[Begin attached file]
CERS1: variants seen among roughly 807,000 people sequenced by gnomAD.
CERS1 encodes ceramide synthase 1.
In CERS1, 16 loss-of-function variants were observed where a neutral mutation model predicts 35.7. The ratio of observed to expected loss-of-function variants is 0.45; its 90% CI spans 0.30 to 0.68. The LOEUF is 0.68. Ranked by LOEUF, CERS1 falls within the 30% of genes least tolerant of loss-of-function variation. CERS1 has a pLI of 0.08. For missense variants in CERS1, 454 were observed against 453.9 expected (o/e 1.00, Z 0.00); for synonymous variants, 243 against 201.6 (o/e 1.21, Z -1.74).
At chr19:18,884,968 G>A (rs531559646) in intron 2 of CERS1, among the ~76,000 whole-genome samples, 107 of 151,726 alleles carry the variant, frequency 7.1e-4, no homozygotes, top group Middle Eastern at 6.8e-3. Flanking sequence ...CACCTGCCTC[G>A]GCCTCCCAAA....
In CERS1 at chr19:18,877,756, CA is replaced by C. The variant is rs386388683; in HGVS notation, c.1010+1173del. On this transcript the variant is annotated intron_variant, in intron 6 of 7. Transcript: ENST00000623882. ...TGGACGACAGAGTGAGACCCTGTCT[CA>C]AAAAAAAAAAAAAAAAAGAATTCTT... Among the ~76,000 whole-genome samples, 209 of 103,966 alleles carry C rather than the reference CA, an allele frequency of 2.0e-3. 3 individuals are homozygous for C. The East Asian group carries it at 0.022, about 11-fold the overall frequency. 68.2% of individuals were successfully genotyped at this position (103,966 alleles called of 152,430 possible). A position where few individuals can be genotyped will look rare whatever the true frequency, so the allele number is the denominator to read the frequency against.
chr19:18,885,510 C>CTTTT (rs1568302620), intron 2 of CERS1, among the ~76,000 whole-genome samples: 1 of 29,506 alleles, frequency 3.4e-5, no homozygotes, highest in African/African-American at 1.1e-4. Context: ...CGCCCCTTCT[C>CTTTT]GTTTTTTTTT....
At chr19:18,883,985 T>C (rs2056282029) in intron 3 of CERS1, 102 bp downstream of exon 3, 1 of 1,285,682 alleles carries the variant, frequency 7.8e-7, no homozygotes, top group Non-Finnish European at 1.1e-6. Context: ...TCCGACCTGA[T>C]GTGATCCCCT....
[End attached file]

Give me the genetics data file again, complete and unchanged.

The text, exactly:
CERS1: variants seen among roughly 807,000 people sequenced by gnomAD.
CERS1 encodes ceramide synthase 1.
In CERS1, 16 loss-of-function variants were observed where a neutral mutation model predicts 35.7. The ratio of observed to expected loss-of-function variants is 0.45; its 90% CI spans 0.30 to 0.68. The LOEUF is 0.68. Ranked by LOEUF, CERS1 falls within the 30% of genes least tolerant of loss-of-function variation. CERS1 has a pLI of 0.08. For missense variants in CERS1, 454 were observed against 453.9 expected (o/e 1.00, Z 0.00); for synonymous variants, 243 against 201.6 (o/e 1.21, Z -1.74).
At chr19:18,884,968 G>A (rs531559646) in intron 2 of CERS1, among the ~76,000 whole-genome samples, 107 of 151,726 alleles carry the variant, frequency 7.1e-4, no homozygotes, top group Middle Eastern at 6.8e-3. Flanking sequence ...CACCTGCCTC[G>A]GCCTCCCAAA....
In CERS1 at chr19:18,877,756, CA is replaced by C. The variant is rs386388683; in HGVS notation, c.1010+1173del. On this transcript the variant is annotated intron_variant, in intron 6 of 7. Transcript: ENST00000623882. ...TGGACGACAGAGTGAGACCCTGTCT[CA>C]AAAAAAAAAAAAAAAAAGAATTCTT... Among the ~76,000 whole-genome samples, 209 of 103,966 alleles carry C rather than the reference CA, an allele frequency of 2.0e-3. 3 individuals are homozygous for C. The East Asian group carries it at 0.022, about 11-fold the overall frequency. 68.2% of individuals were successfully genotyped at this position (103,966 alleles called of 152,430 possible). A position where few individuals can be genotyped will look rare whatever the true frequency, so the allele number is the denominator to read the frequency against.
chr19:18,885,510 C>CTTTT (rs1568302620), intron 2 of CERS1, among the ~76,000 whole-genome samples: 1 of 29,506 alleles, frequency 3.4e-5, no homozygotes, highest in African/African-American at 1.1e-4. Context: ...CGCCCCTTCT[C>CTTTT]GTTTTTTTTT....
At chr19:18,883,985 T>C (rs2056282029) in intron 3 of CERS1, 102 bp downstream of exon 3, 1 of 1,285,682 alleles carries the variant, frequency 7.8e-7, no homozygotes, top group Non-Finnish European at 1.1e-6. Context: ...TCCGACCTGA[T>C]GTGATCCCCT....